Lemon instructs that for challenged government action to satisfy the neutrality principle of the Establishment Clause, it must (1) “have a secular . . . purpose,” (2) have a “principal or primary effect . . . that neither advances nor inhibits religion,” and (3) “not foster an excessive government entanglement with religion.”

The plaintiffs’ argument would have eliminated any mention of faith in government facilities, even to note historical significance and their context:

Thus, the Establishment Clause is not properly construed to command that government accounts of history be devoid of religious references.   Nor is a permissible secular purpose transformed into an impermissible religious one because the government makes an historical point with an artifact whose historical significance derives, in whole or in part, from its
religious symbolism.

Furthermore, the argument that the display disadvantages atheists is never supported by any evidence submitted by the plaintiffs except by conjecture:

A reasonable observer would further know that there is no distinct artifact from which atheists, as a group, drew hope and comfort in the aftermath of September 11.  Thus, this is not a case in which appellees have chosen to display a symbol of hope embraced by religious believers at Ground Zero while at the same time refusing to display a symbol of hope embraced by nonbelievers at Ground Zero. …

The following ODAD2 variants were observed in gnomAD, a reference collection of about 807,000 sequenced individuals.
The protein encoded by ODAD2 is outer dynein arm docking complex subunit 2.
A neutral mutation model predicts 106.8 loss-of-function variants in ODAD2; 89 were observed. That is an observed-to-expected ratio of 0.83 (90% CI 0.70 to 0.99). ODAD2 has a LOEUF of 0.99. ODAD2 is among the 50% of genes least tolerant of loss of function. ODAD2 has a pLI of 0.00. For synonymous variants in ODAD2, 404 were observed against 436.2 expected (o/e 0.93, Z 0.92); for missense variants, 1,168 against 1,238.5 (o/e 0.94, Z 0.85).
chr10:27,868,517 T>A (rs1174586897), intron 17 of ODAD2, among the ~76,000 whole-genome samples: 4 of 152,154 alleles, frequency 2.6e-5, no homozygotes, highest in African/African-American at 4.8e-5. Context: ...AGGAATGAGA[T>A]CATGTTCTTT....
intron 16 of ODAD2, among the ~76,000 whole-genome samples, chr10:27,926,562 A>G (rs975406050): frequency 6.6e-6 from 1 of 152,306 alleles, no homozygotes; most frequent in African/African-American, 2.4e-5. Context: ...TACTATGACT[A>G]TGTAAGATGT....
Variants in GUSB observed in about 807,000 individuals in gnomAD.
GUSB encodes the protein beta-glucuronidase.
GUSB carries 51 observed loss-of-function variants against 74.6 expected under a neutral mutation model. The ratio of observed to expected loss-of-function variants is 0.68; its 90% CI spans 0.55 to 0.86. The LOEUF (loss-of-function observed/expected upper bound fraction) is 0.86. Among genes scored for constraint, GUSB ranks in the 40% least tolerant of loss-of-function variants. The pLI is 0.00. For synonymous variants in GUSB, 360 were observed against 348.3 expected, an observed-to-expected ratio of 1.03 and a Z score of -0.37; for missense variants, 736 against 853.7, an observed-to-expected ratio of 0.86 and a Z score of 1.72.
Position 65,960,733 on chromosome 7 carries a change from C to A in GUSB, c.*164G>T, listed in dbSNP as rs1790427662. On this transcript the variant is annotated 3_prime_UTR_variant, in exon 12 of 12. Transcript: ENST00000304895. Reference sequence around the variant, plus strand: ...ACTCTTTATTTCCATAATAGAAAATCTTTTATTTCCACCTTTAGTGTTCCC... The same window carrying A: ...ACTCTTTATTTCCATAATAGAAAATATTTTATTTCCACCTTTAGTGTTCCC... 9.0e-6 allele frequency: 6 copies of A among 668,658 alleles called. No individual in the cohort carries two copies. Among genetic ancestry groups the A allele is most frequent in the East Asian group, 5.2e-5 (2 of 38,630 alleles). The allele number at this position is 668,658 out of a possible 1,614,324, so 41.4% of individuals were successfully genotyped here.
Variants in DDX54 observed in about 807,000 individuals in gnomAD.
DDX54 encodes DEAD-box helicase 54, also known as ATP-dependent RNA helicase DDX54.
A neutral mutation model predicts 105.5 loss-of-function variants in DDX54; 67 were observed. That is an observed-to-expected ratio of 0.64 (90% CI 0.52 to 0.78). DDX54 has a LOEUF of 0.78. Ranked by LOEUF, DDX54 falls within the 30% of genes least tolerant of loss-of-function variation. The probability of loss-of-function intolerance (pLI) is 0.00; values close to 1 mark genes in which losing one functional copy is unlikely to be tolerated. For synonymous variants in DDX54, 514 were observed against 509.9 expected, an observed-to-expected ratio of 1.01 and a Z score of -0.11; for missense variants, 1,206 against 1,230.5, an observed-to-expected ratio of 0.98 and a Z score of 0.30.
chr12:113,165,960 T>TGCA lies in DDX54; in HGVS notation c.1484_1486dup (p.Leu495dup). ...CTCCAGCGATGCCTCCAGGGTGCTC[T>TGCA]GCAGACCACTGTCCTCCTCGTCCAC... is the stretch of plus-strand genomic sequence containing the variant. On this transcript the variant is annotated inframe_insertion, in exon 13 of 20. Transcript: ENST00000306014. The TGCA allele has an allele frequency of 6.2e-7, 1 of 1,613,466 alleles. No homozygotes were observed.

From the totality of these circumstances, a reasonable observer would understand that The Cross at Ground Zero, while having religious significance to many, was also an inclusive symbol for any persons seeking hope and comfort in the aftermath of the September 11 attacks.    Such an observer would not understand the effect of displaying an artifact with such an inclusive past in a Museum devoted to the history of the September 11 attacks to be the divisive one of promoting religion over nonreligion.  Nor would he think the primary effect of displaying The Cross at Ground Zero to be conveying a message to atheists that they are somehow disfavored “outsiders,” while religious believers are favored “insiders,” in the political community.

The decision takes just a few pages to dismantle the American Atheists argument in its totality. That will weigh heavily on the prospects for an appeal to the Supreme Court to keep the case alive. The plaintiffs in this case would have to argue that the totality of the 2nd Circuit unanimous opinion was in error, rather than on some narrow grounds had the appellate court decided to focus on one issue. They will still probably appeal anyway just to see whether they can catch the court on a whimsical moment, but the unanimous and broad ruling here will probably discourage the Supreme Court from grating cert, which would put an end to the case entirely.

The 9/11 Cross will continue to be displayed in the 9/11 Museum for a long time to come, it seems. That’s a victory for unbowdlerized history, and for common sense and liberty as well.